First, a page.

Feb 28 2020

Learning Curve: 3 Campus Cloud Challenges Your College Should Expect

Shifting from on-premises to off-premises requires universities to re-evaluate skill sets and think differently about IT infrastructure.

Campus technology is undergoing rapid evolution. As noted by research firm Gartner, more than half of university CIOs now expect “significant business model change” thanks to digital transformation efforts.

Leading this tech transition is the cloud, with adoption continuing to scale even as schools look for ways to bridge the emerging skills gap. Ongoing educational uptake of distributed service delivery is no surprise; budgetary benefits, enhanced student data security and on-demand access are all part of the cloud computing promise.

But with broad benefits come campus cloud challenges. The biggest potential pitfall? Generalization. Gone are the days of “the cloud” as a catch-all for any service managed outside local stacks. Today, the diversification of providers and deployment strategies means increased market complexity: Is a large-scale public cloud the best bet for IT services, or should schools opt for in-house private cloud offerings? What about multicloud or hybrid models?

Solutions and services are also function-specific: It’s not simply Software as a Service, it’s purpose-built Disaster Recovery as a Service or other cloud storage applications that can be integrated and modified on demand. It’s not merely Infrastructure as a Service, it’s support for everything from school enterprise resource planning deployments to finance systems and registration portals.

Damian Doyle, assistant vice president of enterprise infrastructure solutions at the University of Maryland, Baltimore County, puts it simply: “Cloud is a new skill set, related to existing IT, but different. A lot of the benefits don’t work if you use the same skill set.”

It’s a steep learning curve — but with the right approach it’s possible to reorient staff, refocus IT efforts and resolve the top three campus cloud challenges.

Cloud Challenge No. 1: Solving for SaaS

Software as a Service represents the front line of cloud computing. It’s familiar, easy to understand and widely adopted by colleges, even if they haven’t purposefully sought out SaaS deployments. From email to social media sites and cloud-based student registration systems, shifting application resources from local racks is the first step in realizing cloud benefits.

For campus IT, however, Doyle notes that this presents a challenge.

“It used to be that you could fully learn how something works. Now, there’s continual change,” he said. Existing knowledge of on-premises software management and monitoring won’t pay off in the cloud.

“SaaS requires different training. It’s about understanding that I don’t need an application developer, I need a project liaison and I need to know where the line of support changes.”

To leverage the value of SaaS at scale, IT teams must move away from the manual tasks of iterating, testing and deploying applications on local servers. Instead, they must focus on the managerial aspects of service-level agreements and support requirements to ensure SaaS solutions meet necessary uptime and performance benchmarks.

Cloud Challenge No. 2: Implementing IaaS

While Doyle notes that UMBC is “now in a good place” when it comes to cloud computing, the journey wasn’t smooth. Today, the university has shifted finance, administration, research and even some instructional infrastructure into the cloud, but Doyle notes they “made most of the mistakes you can make along the way.”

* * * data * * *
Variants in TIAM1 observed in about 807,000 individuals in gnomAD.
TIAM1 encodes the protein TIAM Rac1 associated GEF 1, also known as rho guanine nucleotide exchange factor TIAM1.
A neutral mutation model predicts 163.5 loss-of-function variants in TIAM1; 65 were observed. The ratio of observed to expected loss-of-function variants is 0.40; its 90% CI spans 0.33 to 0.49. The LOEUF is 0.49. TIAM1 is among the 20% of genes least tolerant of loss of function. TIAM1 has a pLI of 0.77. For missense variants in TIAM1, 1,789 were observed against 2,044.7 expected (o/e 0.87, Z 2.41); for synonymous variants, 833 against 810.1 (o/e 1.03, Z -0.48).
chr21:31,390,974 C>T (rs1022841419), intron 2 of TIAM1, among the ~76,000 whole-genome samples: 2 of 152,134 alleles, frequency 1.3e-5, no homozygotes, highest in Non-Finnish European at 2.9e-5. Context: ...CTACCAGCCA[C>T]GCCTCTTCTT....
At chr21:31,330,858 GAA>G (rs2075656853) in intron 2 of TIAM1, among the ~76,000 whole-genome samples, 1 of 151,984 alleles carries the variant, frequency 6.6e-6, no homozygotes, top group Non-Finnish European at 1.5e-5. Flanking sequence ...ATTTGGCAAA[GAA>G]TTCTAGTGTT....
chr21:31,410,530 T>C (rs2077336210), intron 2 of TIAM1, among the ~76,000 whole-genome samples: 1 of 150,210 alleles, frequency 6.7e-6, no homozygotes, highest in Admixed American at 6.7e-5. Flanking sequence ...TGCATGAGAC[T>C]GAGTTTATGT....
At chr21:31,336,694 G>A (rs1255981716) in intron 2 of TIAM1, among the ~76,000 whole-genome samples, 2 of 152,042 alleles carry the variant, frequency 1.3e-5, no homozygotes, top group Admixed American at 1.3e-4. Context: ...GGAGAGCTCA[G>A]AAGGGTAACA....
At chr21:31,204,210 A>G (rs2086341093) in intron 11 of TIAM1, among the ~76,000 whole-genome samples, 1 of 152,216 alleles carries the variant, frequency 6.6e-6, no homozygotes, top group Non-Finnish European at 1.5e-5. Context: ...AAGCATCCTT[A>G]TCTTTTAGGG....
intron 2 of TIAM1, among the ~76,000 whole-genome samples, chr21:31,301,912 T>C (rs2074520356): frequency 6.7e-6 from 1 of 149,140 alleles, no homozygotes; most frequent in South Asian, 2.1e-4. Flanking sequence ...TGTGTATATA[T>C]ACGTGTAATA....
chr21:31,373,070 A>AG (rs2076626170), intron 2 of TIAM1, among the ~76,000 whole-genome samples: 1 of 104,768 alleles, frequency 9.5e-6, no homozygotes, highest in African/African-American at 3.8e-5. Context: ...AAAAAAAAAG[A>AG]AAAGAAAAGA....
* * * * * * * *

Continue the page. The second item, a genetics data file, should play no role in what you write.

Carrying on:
When it comes to transitioning away from onsite infrastructure, Doyle highlights the sense of security that comes with being able to physically find and fix local servers; if something goes wrong, staff are on-hand to quickly remedy the issue. He suggests that colleges “need to move in a very strategic way.” Instead of deploying new infrastructure in-situ, Doyle recommends first carving out time for technology team professional development to gain the skills necessary for IaaS migration.

Breaking down IT silos is next. “You need the right people to be part of the conversation,” he said. “You need the sysadmin, networking, security. If you leave groups out, you wind up with big gaps and problems where one group is not supportive.”

Cloud Challenge No. 3: Securing Stakeholder Support

As noted by a recent EDUCASE report, one of the top 10 tech priorities in 2020 for higher education is the development of digital integrations — systems that are interoperable, scalable and extensible on demand. Cloud computing offers the textbook definition of these benefits, but even with reoriented SaaS approaches and refocused IaaS efforts, campuses won’t recognize integrative innovation without the support of stakeholders at every organizational level.

For Doyle, this requires “bringing in all stakeholders at the beginning to create some kind of governance and committee structure, rather than after the fact.” This is a significant shift from on-premises deployments, because implementing new applications in-house or expanding data center footprints doesn’t require the same kind of oversight.

In Doyle’s view, the pay-for-use model of cloud computing means “sysadmins now need to worry about costs”; technology in isolation and IT as a line item are no longer enough to drive line-of-business value. Instead, IT “needs to make the case for other groups for why they should take their time and be in these meetings.” Technology teams need to articulate the benefit of the cloud to persuade stakeholders and create the necessary structure to support new deployments at scale and speed.

Diversification and specification have changed the higher ed landscape. Service, strategy and support are now the operational mandates required for higher education IT teams to leverage the value of campus cloud computing.

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